BC Human Rights Commissioner Issues Guidance on Proof of Vaccination Requirements

As COVID-19 vaccination rates continue to increase and BC has entered Step 3 of its re-start plan, the BC Human Rights Commissioner has issued guidance to clarify human rights considerations for employers when developing rules about vaccination status, such as proof-of-vaccination requirements.

The Commissioner advises that there are limited circumstances in which employers may implement vaccination status policies. Specifically, employers may implement such a policy only where no other less intrusive means of preventing COVID-19 transmission is possible, and if due consideration is given to everyone involved. Additionally, employers are reminded to remain mindful of human rights laws where their policies treat employees differently based on whether or not they have been vaccinated.

Employers must consider the following six principles when developing vaccine status policies:

  • Equitable access: employers should be mindful of barriers to accessing vaccines that exist for some employees. These include employees with language barriers, disabilities or other medical conditions, care-giving responsibilities, or those who work at multiple jobs;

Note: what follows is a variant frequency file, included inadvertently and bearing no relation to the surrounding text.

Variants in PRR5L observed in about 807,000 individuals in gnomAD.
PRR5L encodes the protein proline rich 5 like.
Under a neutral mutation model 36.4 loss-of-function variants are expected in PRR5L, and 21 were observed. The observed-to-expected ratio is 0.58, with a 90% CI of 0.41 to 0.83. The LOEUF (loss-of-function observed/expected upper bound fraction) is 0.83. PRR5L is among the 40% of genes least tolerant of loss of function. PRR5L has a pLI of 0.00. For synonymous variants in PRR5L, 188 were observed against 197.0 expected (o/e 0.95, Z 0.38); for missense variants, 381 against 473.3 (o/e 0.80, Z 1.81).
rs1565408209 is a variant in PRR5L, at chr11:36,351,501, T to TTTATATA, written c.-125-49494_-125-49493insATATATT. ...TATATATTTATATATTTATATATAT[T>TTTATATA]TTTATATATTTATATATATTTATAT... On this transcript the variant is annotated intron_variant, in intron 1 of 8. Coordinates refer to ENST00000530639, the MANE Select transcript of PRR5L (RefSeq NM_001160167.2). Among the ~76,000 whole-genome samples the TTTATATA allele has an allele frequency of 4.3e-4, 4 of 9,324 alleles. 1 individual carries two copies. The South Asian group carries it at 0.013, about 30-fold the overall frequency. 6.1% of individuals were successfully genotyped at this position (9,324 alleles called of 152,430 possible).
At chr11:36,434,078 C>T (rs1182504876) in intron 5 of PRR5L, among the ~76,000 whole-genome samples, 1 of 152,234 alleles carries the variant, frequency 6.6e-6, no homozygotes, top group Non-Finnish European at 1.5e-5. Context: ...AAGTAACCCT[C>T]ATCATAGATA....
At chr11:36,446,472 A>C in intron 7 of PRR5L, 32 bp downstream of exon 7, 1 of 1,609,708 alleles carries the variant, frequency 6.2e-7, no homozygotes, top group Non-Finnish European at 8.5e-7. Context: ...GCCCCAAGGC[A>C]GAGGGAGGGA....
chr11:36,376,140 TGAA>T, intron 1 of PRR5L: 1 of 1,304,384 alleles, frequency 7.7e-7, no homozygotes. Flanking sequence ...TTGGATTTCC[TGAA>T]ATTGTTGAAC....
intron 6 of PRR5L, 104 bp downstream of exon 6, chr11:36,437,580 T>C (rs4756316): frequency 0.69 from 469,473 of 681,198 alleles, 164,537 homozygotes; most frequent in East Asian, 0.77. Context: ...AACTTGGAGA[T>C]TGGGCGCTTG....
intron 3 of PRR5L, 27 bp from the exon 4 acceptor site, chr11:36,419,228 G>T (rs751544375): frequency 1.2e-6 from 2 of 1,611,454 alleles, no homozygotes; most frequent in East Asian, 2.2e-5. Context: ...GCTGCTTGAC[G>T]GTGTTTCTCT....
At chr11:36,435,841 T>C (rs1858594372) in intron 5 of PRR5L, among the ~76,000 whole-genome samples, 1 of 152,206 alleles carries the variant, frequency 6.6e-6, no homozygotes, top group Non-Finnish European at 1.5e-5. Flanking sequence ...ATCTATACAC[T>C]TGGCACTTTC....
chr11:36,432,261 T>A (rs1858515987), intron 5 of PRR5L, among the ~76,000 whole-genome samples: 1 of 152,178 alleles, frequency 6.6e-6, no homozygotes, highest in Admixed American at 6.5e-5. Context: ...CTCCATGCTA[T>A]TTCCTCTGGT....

• Be based on scientific evidence relevant to the specific context;
  • Limited to the shortest length of time possible;
  • Proportional to the health and safety risks they address;
  • Necessary in that no other less intrusive measures are possible; and
  • Privacy: any collection, use or disclosure of vaccination status must follow applicable privacy laws.

In carrying out a vaccination policy pursuant to the above principles, employers are reminded of their duty to accommodate employees who cannot receive a vaccine due to a Human Rights Code-protected ground, such as disability. These employees must be accommodated to the point of undue hardship. On the other hand, employees who choose not to get vaccinated as a matter of personal preference will not have the grounds to make a human rights complaint against an employer’s vaccination status policy.

Local governments may wish to obtain legal advice before implementing policies requiring notification by employees and the public of their vaccine status or provide for differential treatment of vaccinated and un-vaccinated employees.

The Commissioner’s guidance can be found here:

Carolyn MacEachern & Julia Tikhonova

Download pdf: BC Human Rights Commissioner Issues Guidance on Proof of Vaccination Requirements

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